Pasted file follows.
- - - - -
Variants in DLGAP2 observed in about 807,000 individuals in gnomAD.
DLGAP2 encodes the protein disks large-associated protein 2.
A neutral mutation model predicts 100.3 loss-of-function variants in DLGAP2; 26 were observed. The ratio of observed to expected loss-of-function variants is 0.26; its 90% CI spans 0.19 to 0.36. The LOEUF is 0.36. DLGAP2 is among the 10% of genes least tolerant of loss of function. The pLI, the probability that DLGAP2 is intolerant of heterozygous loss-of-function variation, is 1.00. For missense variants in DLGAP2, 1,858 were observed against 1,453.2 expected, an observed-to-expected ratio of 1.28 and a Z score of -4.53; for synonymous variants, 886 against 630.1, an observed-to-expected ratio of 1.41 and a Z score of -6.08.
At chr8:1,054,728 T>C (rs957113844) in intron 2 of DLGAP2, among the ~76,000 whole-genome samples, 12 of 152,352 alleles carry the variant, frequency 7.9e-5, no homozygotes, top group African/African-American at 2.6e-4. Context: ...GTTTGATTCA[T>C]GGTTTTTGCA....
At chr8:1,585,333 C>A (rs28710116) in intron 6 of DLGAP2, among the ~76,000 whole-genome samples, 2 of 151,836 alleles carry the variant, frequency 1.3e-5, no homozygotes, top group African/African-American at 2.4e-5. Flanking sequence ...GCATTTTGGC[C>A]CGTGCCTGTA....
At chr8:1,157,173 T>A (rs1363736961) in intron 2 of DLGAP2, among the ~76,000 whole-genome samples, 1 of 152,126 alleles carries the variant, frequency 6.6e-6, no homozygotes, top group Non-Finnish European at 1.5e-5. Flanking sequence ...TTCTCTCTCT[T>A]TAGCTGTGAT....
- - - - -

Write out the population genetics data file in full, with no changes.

Variants in DLGAP2 observed in about 807,000 individuals in gnomAD.
DLGAP2 encodes the protein disks large-associated protein 2.
A neutral mutation model predicts 100.3 loss-of-function variants in DLGAP2; 26 were observed. The ratio of observed to expected loss-of-function variants is 0.26; its 90% CI spans 0.19 to 0.36. The LOEUF is 0.36. DLGAP2 is among the 10% of genes least tolerant of loss of function. The pLI, the probability that DLGAP2 is intolerant of heterozygous loss-of-function variation, is 1.00. For missense variants in DLGAP2, 1,858 were observed against 1,453.2 expected, an observed-to-expected ratio of 1.28 and a Z score of -4.53; for synonymous variants, 886 against 630.1, an observed-to-expected ratio of 1.41 and a Z score of -6.08.
At chr8:1,054,728 T>C (rs957113844) in intron 2 of DLGAP2, among the ~76,000 whole-genome samples, 12 of 152,352 alleles carry the variant, frequency 7.9e-5, no homozygotes, top group African/African-American at 2.6e-4. Context: ...GTTTGATTCA[T>C]GGTTTTTGCA....
At chr8:1,585,333 C>A (rs28710116) in intron 6 of DLGAP2, among the ~76,000 whole-genome samples, 2 of 151,836 alleles carry the variant, frequency 1.3e-5, no homozygotes, top group African/African-American at 2.4e-5. Flanking sequence ...GCATTTTGGC[C>A]CGTGCCTGTA....
At chr8:1,157,173 T>A (rs1363736961) in intron 2 of DLGAP2, among the ~76,000 whole-genome samples, 1 of 152,126 alleles carries the variant, frequency 6.6e-6, no homozygotes, top group Non-Finnish European at 1.5e-5. Flanking sequence ...TTCTCTCTCT[T>A]TAGCTGTGAT....